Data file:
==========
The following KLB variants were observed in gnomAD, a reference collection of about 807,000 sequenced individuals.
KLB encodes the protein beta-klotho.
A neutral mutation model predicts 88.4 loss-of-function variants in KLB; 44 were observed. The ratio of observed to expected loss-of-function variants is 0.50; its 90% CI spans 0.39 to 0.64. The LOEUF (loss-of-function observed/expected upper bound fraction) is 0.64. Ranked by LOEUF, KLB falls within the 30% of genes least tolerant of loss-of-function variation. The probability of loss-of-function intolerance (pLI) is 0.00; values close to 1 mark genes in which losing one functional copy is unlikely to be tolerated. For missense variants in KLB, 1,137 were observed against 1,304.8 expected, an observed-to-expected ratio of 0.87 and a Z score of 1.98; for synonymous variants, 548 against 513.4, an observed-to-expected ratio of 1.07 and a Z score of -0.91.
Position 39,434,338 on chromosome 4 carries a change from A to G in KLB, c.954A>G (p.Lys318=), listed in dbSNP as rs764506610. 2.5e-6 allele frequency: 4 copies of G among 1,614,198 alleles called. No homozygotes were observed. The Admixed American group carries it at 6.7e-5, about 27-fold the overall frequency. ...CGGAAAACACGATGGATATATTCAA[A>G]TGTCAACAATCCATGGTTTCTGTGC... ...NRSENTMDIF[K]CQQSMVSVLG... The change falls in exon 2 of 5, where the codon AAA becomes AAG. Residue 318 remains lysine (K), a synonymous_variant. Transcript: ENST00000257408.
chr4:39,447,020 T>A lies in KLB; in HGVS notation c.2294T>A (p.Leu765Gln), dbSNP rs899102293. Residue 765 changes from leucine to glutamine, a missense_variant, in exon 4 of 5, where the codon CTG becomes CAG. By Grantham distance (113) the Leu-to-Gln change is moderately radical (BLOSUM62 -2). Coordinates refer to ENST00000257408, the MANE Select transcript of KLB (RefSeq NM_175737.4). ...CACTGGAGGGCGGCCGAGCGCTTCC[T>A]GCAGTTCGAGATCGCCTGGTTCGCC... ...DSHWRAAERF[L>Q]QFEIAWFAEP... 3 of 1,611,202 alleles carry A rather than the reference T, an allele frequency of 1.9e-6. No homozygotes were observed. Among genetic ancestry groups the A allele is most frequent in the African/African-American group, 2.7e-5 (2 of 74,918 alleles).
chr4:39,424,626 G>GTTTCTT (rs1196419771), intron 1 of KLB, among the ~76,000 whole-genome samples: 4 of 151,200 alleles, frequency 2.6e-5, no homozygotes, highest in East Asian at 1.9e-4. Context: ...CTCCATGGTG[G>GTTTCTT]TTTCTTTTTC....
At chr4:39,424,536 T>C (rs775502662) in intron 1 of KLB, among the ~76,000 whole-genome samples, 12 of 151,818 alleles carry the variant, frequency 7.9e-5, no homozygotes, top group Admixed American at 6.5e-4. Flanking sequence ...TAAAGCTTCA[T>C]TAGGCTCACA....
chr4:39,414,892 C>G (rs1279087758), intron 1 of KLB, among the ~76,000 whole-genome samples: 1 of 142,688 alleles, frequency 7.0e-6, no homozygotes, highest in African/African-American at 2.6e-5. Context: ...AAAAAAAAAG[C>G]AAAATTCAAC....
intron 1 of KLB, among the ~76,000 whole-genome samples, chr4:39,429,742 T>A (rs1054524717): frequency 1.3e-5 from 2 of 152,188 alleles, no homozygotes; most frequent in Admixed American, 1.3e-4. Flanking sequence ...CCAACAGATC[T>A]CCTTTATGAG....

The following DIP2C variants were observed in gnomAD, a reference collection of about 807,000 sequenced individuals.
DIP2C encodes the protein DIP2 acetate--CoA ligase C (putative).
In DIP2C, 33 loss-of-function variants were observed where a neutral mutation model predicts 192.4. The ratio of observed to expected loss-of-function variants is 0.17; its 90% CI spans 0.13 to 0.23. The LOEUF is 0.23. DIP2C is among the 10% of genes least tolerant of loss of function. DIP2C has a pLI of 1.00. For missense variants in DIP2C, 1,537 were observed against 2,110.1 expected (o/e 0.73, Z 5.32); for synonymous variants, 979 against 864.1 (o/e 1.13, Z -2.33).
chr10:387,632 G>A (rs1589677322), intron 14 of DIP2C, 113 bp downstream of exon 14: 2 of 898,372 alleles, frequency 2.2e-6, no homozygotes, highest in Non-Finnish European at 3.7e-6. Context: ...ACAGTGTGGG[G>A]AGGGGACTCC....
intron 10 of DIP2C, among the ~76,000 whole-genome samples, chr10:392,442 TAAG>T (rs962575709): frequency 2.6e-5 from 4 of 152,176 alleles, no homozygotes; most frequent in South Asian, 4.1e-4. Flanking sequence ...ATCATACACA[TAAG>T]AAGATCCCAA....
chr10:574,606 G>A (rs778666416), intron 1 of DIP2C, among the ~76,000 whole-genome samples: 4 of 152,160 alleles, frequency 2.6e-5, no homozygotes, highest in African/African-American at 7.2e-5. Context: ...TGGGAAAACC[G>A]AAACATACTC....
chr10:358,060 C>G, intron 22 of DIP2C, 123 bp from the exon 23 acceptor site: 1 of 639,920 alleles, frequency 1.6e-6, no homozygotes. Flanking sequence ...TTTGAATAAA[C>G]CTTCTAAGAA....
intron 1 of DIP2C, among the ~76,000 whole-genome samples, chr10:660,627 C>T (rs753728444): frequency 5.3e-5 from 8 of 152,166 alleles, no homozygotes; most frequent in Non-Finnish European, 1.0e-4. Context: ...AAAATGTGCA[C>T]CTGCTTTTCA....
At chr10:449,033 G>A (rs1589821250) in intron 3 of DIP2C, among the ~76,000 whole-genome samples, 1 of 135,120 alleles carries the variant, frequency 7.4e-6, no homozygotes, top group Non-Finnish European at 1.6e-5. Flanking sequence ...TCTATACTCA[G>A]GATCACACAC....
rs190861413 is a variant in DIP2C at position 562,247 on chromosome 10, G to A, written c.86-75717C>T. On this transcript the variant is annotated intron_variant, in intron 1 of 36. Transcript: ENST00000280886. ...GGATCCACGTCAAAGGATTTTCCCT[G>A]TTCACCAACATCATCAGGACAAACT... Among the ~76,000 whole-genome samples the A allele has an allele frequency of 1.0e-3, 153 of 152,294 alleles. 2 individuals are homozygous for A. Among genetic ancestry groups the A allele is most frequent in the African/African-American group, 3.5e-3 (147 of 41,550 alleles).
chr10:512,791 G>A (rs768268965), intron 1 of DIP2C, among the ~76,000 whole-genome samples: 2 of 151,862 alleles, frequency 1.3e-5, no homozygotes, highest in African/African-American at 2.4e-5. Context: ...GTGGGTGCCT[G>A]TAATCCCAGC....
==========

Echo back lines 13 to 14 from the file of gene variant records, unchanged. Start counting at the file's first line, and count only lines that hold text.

chr10:387,632 G>A (rs1589677322), intron 14 of DIP2C, 113 bp downstream of exon 14: 2 of 898,372 alleles, frequency 2.2e-6, no homozygotes, highest in Non-Finnish European at 3.7e-6. Context: ...ACAGTGTGGG[G>A]AGGGGACTCC....
intron 10 of DIP2C, among the ~76,000 whole-genome samples, chr10:392,442 TAAG>T (rs962575709): frequency 2.6e-5 from 4 of 152,176 alleles, no homozygotes; most frequent in South Asian, 4.1e-4. Flanking sequence ...ATCATACACA[TAAG>T]AAGATCCCAA....